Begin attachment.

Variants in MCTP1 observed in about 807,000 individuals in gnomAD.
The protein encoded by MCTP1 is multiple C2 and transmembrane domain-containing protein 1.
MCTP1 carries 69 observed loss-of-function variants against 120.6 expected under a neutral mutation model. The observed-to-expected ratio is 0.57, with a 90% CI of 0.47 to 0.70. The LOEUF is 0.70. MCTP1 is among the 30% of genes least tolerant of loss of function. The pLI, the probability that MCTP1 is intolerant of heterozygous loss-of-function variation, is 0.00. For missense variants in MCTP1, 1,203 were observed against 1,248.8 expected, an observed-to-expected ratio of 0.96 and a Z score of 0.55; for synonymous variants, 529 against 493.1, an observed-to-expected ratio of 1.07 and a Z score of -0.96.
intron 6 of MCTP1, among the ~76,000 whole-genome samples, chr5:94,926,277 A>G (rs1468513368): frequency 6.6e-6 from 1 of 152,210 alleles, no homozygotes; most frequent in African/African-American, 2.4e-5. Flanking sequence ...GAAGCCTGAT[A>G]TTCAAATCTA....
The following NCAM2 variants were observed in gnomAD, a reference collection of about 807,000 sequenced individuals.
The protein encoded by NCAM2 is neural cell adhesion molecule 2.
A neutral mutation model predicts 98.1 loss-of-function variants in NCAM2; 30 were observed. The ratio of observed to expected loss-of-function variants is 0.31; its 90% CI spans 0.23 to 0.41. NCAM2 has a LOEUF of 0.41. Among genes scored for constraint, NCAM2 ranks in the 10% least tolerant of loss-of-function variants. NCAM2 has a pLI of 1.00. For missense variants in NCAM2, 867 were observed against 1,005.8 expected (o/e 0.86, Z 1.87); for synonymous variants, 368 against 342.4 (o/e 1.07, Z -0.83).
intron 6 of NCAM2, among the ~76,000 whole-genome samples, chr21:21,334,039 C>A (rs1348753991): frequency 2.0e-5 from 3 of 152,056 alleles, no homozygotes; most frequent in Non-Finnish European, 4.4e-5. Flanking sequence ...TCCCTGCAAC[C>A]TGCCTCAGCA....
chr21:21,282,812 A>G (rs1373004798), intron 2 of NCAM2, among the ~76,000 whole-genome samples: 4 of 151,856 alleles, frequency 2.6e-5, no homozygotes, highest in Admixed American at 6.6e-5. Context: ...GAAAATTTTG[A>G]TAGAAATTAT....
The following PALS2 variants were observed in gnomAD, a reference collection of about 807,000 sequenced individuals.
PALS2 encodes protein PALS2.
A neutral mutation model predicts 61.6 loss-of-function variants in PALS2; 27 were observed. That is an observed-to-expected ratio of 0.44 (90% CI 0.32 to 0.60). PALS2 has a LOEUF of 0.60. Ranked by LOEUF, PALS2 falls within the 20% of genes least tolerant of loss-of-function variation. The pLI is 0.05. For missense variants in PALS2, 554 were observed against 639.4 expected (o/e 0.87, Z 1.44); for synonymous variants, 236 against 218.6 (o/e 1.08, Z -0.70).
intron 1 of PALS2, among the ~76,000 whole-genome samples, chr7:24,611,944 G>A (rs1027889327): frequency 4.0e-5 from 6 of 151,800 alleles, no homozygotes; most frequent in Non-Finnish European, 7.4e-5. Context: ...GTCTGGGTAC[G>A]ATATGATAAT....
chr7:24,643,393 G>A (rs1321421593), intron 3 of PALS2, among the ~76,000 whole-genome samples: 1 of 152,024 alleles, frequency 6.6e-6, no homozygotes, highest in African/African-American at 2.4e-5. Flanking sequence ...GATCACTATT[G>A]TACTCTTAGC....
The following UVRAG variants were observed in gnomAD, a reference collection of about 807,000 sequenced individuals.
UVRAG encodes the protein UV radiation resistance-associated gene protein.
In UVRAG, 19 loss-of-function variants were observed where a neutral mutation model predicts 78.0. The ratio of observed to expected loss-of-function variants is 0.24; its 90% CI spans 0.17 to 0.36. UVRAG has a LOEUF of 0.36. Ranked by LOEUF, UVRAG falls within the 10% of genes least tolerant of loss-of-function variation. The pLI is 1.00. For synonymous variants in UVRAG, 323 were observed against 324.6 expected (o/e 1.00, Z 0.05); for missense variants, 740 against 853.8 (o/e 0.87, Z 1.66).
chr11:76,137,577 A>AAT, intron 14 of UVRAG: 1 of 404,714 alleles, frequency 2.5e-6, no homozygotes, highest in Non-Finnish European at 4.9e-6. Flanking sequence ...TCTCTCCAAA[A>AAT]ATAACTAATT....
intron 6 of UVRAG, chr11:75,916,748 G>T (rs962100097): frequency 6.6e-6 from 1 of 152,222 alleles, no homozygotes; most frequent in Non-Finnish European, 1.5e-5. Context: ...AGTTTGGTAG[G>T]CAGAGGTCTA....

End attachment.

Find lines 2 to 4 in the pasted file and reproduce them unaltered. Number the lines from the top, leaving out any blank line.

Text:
The protein encoded by MCTP1 is multiple C2 and transmembrane domain-containing protein 1.
MCTP1 carries 69 observed loss-of-function variants against 120.6 expected under a neutral mutation model. The observed-to-expected ratio is 0.57, with a 90% CI of 0.47 to 0.70. The LOEUF is 0.70. MCTP1 is among the 30% of genes least tolerant of loss of function. The pLI, the probability that MCTP1 is intolerant of heterozygous loss-of-function variation, is 0.00. For missense variants in MCTP1, 1,203 were observed against 1,248.8 expected, an observed-to-expected ratio of 0.96 and a Z score of 0.55; for synonymous variants, 529 against 493.1, an observed-to-expected ratio of 1.07 and a Z score of -0.96.
intron 6 of MCTP1, among the ~76,000 whole-genome samples, chr5:94,926,277 A>G (rs1468513368): frequency 6.6e-6 from 1 of 152,210 alleles, no homozygotes; most frequent in African/African-American, 2.4e-5. Flanking sequence ...GAAGCCTGAT[A>G]TTCAAATCTA....